The Program

Suite for Chamber Orchestra (1920) – Czech composer and pianist Erwin Schulhoff died in the Wülzburg concentration camp. He was one of the first classical composers in Europe to be inspired by jazz.

MIECZYSLAW WEINBERGConcerto for Trumpet, Op. 94 (1967) – Weinberg lost most of his family in the Holocaust but survived the torments of two brutal dictatorships. He fled the German occupation of Poland in 1939, only to fall victim to Stalin’s post-war campaign against the Jews. He was released after years of imprisonment, and later created one of the finest trumpet concertos ever written. OEBS Principal Trumpet William Harvey is the featured soloist in this inspiring work.

LUDWIG VAN BEETHOVEN – Symphony No. 3 – Now known as the “Eroica”, was originally written in honor of Napoleon and titled “Bonaparte”. However, when Napoleon declared himself Emperor in 1804, Beethoven was enraged and changed the name of his work. The “Eroica” is known as one of Beethoven’s most challenging masterpieces – long, technically demanding and sublime.


Under the artistic leadership of Maestro Michael Morgan
, Oakland East Bay Symphony activities reach over 75,000 people annually, with more than one-third of the operating budget dedicated to education and outreach programs. These programs include several acclaimed education programs under the umbrella of the MUSE (Music for Excellence) Program: In-School Mentor and Instrumental Instruction, Young People’s Concerts, Ensembles in the Schools, Young Artist Competition, Free Ticket Distribution and regular school visits by Michael Morgan and other musicians. These programs serve over 21,000 young people each year.

OEBS has fostered collaborations with local arts organizations from children’s choruses to jazz ensembles to dance and opera. The Symphony showcases new American works in performance and encourages young artists. In its efforts to support new music, OEBS formed a multi-year partnership with The James Irvine Foundation in 1998 to initiate various commissioning projects including the newly established New Visions/New Vistas initiative. In June of 2010, OEBS forged a closer partnership with Oakland Youth Orchestra and Oakland Symphony Chorus in a merger that resulted in the formation of East Bay Performing Arts.

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Falling From Grace X 2

February 5 (Posted on SF Gate)After a weekend during which Occupy Oakland protests turned violent and led to injuries and more than 400 arrests, regional support for the movement is waning, a new poll finds.

Twenty-six percent of Bay Area residents surveyed for the poll said they used to support the Occupy movement but have now changed their minds, a KPIX-sponsored SurveyUSA pollfound.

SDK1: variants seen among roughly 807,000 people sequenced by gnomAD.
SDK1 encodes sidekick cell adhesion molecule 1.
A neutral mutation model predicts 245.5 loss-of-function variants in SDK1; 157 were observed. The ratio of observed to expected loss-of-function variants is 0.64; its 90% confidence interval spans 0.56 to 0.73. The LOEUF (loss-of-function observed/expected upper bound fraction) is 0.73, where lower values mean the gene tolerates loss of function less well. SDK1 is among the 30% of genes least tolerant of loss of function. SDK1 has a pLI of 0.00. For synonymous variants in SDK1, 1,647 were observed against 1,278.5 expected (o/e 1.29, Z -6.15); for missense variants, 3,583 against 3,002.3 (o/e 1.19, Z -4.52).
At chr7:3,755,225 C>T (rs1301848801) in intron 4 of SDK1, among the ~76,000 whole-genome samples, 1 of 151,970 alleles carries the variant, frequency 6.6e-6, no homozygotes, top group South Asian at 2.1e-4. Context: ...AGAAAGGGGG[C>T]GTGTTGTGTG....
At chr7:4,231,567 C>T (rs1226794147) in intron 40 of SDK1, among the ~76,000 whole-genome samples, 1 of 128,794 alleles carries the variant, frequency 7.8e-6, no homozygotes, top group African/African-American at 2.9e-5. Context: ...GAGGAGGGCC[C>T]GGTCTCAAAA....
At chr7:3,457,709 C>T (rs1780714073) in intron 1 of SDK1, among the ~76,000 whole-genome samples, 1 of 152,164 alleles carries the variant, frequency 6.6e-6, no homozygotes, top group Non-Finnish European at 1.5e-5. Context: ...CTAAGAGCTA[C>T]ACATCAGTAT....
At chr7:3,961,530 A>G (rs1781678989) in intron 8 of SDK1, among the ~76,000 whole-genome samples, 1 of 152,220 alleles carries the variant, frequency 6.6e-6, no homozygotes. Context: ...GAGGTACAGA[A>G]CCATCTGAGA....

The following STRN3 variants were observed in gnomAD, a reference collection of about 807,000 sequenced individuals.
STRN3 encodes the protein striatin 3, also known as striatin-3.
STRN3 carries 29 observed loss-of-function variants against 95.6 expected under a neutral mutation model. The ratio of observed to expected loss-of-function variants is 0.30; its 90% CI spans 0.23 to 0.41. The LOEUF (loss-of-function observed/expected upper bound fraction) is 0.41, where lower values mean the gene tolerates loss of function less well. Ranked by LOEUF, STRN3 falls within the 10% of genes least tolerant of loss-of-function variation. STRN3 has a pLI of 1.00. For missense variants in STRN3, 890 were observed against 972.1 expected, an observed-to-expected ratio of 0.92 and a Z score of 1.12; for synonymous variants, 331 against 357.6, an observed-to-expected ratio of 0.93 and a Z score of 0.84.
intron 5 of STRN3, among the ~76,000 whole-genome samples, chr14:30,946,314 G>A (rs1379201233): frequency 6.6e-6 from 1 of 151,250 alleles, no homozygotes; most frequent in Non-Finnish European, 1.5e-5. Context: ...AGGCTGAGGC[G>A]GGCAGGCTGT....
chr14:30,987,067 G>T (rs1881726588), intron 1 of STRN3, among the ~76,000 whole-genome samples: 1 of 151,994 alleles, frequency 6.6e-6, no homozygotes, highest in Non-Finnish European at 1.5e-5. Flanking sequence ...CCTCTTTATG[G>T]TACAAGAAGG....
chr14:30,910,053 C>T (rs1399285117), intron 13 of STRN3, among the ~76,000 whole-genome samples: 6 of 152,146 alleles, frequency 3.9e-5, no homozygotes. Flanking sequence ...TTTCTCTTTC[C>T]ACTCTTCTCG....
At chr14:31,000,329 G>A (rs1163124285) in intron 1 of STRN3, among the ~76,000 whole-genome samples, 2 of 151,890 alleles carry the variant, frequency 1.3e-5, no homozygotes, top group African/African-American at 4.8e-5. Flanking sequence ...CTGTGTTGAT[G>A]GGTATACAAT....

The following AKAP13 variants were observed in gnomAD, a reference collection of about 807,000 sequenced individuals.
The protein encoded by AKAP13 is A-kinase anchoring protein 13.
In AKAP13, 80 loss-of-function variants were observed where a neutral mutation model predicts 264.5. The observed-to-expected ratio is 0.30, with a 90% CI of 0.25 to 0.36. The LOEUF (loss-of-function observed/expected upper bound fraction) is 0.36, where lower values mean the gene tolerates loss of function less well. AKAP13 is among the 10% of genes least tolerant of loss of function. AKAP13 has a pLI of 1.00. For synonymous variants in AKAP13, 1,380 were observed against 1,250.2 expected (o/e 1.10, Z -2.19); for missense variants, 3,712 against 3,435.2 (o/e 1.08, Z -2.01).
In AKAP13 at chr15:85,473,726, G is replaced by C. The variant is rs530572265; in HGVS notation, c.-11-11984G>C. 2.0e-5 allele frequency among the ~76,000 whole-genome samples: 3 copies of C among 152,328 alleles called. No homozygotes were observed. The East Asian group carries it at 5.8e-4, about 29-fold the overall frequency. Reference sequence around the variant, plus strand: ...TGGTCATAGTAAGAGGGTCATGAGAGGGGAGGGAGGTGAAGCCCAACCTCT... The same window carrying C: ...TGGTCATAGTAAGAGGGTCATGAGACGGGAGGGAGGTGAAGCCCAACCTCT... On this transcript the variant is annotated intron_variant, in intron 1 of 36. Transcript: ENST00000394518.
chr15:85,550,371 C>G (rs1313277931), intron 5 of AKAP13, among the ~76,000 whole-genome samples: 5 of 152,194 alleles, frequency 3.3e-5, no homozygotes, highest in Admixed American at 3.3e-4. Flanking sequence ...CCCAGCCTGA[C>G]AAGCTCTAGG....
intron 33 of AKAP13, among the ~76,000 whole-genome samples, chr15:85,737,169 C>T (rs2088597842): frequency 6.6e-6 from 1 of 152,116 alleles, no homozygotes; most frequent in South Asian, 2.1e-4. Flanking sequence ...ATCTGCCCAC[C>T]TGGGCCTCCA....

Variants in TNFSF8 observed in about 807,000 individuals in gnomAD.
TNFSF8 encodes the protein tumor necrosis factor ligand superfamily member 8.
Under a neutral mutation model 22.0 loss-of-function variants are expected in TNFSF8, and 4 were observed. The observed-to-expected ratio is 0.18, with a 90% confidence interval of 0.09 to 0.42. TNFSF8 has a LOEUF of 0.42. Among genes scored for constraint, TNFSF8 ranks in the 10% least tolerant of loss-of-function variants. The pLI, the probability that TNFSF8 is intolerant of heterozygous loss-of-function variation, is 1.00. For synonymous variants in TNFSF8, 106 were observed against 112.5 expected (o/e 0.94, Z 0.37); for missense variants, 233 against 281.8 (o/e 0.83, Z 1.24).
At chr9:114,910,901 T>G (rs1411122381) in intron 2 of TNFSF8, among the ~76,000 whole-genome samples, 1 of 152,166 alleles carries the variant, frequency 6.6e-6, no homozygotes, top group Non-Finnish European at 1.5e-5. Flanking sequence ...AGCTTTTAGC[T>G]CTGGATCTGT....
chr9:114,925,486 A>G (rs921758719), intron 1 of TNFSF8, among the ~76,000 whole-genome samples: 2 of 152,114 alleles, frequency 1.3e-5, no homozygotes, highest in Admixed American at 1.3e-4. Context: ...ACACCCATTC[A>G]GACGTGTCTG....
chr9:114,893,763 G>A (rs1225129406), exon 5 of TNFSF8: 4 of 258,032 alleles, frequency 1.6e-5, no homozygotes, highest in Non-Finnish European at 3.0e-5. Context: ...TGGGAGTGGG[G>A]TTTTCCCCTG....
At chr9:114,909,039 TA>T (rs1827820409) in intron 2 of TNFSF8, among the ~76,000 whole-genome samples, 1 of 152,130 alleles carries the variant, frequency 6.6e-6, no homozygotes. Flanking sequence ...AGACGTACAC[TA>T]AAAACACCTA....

Thirty-two percent of respondents said they have backed Occupy from the start and still do, 32 percent said they have opposed it from the start and still do, and 3 percent said they used to oppose it but have now signed on, the poll said. Eight percent were not sure.

Occupy Oakland’s attempted takeover of the long-closed Henry J. Kaiser Convention Center over the weekend was even less popular. Only 21 percent of respondents said they supported Occupy efforts to seize empty buildings for headquarters, while 71 percent said they opposed them and the rest were unsure, the poll said.

When it comes to police response during protests, survey respondents were almost evenly split: Twenty-eight percent said police have been too harsh, 33 percent said they haven’t been harsh enough, and 35 percent said the response has been just about right. Four percent weren’t sure.

The survey polled 500 adults in the Bay Area on Monday by telephone and electronic device. The  margin of error was 4.1 to 4.5 percentage points.



February 5 (Posted on Seattle PI website) Last week’s nationwide flap, including a protest letter signed by 26 U.S. Senators — Sen. Patty Murray, D-Wash., helped organize it — registered on 82 percent of those surveyed Friday and Saturday by Public Policy Polling.

“Do you support or oppose Susan G. Komen’s decision to stop funding breast cancer screenings by Planned Parenthood?” PPP asked.

Fifty-three percent of those polled opposed the decision, 39 percent supported Komen’s position, with just 8 percent undecided.

The pollster asked whether the controversy helped or hurt the image of the cancer charity.  Just 30 percent replied that it helped Komen’s image, 53 percent agreed that it hurt the charity, with the remaining respondents saying it made no difference.

The third question should cause a bit of quaking at Komen:  “Does this decision make you more or less likely to donated money to Susan G. Komen for the Cure in the future, or does it not make a difference?”

Forty-nine percent of those surveyed answered “less likely,” just 29 percent “more likely,” and 19 percent said no difference.

And 43 percent said they were less likely to participate in the Komen Foundation’s popular Run for the Cure events.

Planned Parenthood remains controversial, but attacks from Republicans on Capitol Hill and anti-abortion activists have not turned the organization into a pariah.